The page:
5 myths about suburbia and our car cultureI'm a little crunched for time tonight, so a quick pass along from Reason. This overview is inadequate, and I wanted to do some more excerpts, but they would have added up to most of the article, so just read the whole thing (permalink). And don't miss the link at the bottom too.
In a column for the The Washington Post, excerpted from their new book The Road More Traveled, Reason's Ted Balaker and Sam Staley examine many of the myths about our love for cars and the evil suburbs, including:
"How much of the United States is developed? Twenty-five percent? Fifty? Seventy-five? How about 5.4 percent? That's the Census Bureau's figure. And even much of that is not exactly crowded: The bureau says that an area is 'developed' when it has 30 or more people per square mile. But most people do live in developed areas, so it's easy to get the impression that humans have trampled nature."
"Some claim that Europeans have developed an enlightened alternative. Americans return from London and Paris and tell their friends that everyone gets around by transit. But tourists tend to confine themselves to the central cities. Europeans may enjoy top-notch transit and endure gasoline that costs $5 per gallon, but in fact they don't drive much less than we do. In the United States, automobiles account for about 88 percent of travel. In Europe, the figure is about 78 percent. And Europeans are gaining on us."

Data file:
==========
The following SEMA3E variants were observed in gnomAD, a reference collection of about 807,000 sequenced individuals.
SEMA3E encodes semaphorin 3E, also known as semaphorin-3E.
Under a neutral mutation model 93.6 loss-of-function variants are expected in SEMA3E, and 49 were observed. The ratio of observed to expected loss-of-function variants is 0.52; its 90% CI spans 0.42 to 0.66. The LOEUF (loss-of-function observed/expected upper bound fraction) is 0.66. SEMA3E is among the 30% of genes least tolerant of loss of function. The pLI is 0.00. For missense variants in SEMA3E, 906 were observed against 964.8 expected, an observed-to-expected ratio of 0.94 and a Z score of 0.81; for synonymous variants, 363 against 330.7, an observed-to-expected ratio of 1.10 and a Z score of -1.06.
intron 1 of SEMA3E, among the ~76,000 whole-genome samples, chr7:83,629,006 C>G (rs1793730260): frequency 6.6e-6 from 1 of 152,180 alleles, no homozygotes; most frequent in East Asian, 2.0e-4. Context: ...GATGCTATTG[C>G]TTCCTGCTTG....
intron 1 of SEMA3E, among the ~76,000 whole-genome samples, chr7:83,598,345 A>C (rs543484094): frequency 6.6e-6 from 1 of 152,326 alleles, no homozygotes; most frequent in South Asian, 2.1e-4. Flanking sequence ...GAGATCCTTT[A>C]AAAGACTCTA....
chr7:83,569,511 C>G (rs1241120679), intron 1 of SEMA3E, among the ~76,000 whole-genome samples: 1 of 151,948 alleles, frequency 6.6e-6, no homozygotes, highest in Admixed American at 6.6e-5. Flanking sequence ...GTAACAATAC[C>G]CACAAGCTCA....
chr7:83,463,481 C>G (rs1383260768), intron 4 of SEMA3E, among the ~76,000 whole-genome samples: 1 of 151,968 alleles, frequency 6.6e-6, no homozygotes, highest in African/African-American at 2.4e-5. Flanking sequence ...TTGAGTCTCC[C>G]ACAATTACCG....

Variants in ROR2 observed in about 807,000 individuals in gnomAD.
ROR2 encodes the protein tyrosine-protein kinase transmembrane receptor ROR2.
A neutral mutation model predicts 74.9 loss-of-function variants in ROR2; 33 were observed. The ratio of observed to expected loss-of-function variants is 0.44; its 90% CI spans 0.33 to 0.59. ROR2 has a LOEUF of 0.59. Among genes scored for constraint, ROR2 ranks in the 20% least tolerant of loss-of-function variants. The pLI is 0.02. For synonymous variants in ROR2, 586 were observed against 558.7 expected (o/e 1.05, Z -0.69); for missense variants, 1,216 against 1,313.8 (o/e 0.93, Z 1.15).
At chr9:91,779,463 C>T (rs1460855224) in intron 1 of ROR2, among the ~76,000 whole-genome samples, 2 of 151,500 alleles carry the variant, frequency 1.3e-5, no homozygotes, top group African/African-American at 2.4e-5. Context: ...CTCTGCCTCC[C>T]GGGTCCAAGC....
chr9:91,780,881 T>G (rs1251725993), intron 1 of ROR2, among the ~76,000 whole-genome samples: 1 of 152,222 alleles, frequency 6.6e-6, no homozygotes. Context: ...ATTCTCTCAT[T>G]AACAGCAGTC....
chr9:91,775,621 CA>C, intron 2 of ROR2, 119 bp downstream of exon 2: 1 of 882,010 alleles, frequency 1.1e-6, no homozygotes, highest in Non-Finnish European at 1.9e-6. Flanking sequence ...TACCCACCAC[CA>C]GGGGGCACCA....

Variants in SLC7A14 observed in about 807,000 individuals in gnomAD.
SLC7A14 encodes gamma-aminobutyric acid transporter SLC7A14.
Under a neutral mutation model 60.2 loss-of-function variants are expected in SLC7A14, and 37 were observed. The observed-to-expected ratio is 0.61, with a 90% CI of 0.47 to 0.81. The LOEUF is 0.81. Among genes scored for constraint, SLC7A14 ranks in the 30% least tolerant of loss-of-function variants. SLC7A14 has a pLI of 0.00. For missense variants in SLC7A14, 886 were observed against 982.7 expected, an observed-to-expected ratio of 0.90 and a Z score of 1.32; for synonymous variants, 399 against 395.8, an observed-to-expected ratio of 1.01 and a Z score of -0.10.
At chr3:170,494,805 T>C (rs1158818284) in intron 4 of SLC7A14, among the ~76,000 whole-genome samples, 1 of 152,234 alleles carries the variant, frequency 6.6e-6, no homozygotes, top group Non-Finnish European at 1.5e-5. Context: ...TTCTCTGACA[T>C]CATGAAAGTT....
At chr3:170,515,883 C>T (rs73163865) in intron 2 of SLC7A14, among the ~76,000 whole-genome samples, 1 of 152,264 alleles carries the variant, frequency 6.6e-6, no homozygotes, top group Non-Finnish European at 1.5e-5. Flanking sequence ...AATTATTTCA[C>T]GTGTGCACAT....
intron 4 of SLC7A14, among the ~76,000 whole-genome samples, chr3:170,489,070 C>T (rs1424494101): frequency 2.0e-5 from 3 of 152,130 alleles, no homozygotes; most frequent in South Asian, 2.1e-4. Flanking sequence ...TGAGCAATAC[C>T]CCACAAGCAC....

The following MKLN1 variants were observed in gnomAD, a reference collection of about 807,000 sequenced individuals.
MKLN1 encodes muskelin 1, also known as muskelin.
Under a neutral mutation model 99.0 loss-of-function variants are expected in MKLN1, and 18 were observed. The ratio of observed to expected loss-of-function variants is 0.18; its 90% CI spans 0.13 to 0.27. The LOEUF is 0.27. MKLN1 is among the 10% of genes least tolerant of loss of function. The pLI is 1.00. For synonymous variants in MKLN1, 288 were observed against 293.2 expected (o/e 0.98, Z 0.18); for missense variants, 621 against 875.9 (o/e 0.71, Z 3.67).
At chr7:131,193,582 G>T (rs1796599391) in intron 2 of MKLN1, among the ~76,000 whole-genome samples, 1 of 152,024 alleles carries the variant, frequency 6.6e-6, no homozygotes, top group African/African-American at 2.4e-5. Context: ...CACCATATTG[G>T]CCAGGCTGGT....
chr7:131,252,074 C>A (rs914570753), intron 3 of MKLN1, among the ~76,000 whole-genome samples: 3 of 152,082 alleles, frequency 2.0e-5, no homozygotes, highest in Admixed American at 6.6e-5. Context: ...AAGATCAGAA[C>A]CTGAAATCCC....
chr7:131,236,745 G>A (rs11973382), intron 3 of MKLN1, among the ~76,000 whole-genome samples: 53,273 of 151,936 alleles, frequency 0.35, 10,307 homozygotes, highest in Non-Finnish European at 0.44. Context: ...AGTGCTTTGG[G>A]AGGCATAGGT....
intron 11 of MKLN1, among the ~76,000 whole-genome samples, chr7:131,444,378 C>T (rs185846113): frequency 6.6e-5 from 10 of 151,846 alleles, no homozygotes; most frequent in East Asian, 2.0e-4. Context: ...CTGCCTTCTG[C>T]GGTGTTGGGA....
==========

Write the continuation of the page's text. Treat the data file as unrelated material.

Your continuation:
"Since 1970, driving -- total vehicle miles traveled -- has increased 155 percent, and yet the EPA reports a dramatic decrease in every major pollutant it measures. Although driving is increasing by 1 to 3 percent each year, average vehicle emissions are dropping about 10 percent annually. Pollution will wane even more as motorists continue to replace older, dirtier cars with newer, cleaner models."
The 5 myths debunked:
1. Americans are addicted to driving.
2. Public transit can reduce traffic congestion.
3. We can cut air pollution only if we stop driving.
4. We're paving over America.
5. We can't deal with global warming unless we stop driving.